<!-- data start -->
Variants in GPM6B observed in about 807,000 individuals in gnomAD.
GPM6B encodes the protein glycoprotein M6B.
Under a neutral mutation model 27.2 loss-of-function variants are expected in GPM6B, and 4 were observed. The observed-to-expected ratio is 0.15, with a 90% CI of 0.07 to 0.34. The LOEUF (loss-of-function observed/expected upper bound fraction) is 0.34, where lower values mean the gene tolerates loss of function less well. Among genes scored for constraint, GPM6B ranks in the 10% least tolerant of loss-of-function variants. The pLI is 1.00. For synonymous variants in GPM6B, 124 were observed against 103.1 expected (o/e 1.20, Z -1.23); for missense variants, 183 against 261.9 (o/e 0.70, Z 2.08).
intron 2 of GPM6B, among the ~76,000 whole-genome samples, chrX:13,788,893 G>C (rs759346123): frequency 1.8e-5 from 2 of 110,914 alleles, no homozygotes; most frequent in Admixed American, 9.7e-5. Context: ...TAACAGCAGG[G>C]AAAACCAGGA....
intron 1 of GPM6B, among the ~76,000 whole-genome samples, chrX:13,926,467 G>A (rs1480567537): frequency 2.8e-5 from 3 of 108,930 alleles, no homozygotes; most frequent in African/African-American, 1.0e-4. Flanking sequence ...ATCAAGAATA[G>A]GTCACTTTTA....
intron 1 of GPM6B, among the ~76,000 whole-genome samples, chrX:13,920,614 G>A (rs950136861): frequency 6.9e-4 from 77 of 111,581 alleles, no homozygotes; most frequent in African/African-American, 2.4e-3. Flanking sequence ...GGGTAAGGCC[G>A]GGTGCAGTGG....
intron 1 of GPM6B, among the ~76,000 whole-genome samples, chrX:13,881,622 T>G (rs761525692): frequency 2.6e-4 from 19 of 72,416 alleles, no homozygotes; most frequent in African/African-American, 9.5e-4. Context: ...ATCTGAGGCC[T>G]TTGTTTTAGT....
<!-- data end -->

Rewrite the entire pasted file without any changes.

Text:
Variants in GPM6B observed in about 807,000 individuals in gnomAD.
GPM6B encodes the protein glycoprotein M6B.
Under a neutral mutation model 27.2 loss-of-function variants are expected in GPM6B, and 4 were observed. The observed-to-expected ratio is 0.15, with a 90% CI of 0.07 to 0.34. The LOEUF (loss-of-function observed/expected upper bound fraction) is 0.34, where lower values mean the gene tolerates loss of function less well. Among genes scored for constraint, GPM6B ranks in the 10% least tolerant of loss-of-function variants. The pLI is 1.00. For synonymous variants in GPM6B, 124 were observed against 103.1 expected (o/e 1.20, Z -1.23); for missense variants, 183 against 261.9 (o/e 0.70, Z 2.08).
intron 2 of GPM6B, among the ~76,000 whole-genome samples, chrX:13,788,893 G>C (rs759346123): frequency 1.8e-5 from 2 of 110,914 alleles, no homozygotes; most frequent in Admixed American, 9.7e-5. Context: ...TAACAGCAGG[G>C]AAAACCAGGA....
intron 1 of GPM6B, among the ~76,000 whole-genome samples, chrX:13,926,467 G>A (rs1480567537): frequency 2.8e-5 from 3 of 108,930 alleles, no homozygotes; most frequent in African/African-American, 1.0e-4. Flanking sequence ...ATCAAGAATA[G>A]GTCACTTTTA....
intron 1 of GPM6B, among the ~76,000 whole-genome samples, chrX:13,920,614 G>A (rs950136861): frequency 6.9e-4 from 77 of 111,581 alleles, no homozygotes; most frequent in African/African-American, 2.4e-3. Flanking sequence ...GGGTAAGGCC[G>A]GGTGCAGTGG....
intron 1 of GPM6B, among the ~76,000 whole-genome samples, chrX:13,881,622 T>G (rs761525692): frequency 2.6e-4 from 19 of 72,416 alleles, no homozygotes; most frequent in African/African-American, 9.5e-4. Context: ...ATCTGAGGCC[T>G]TTGTTTTAGT....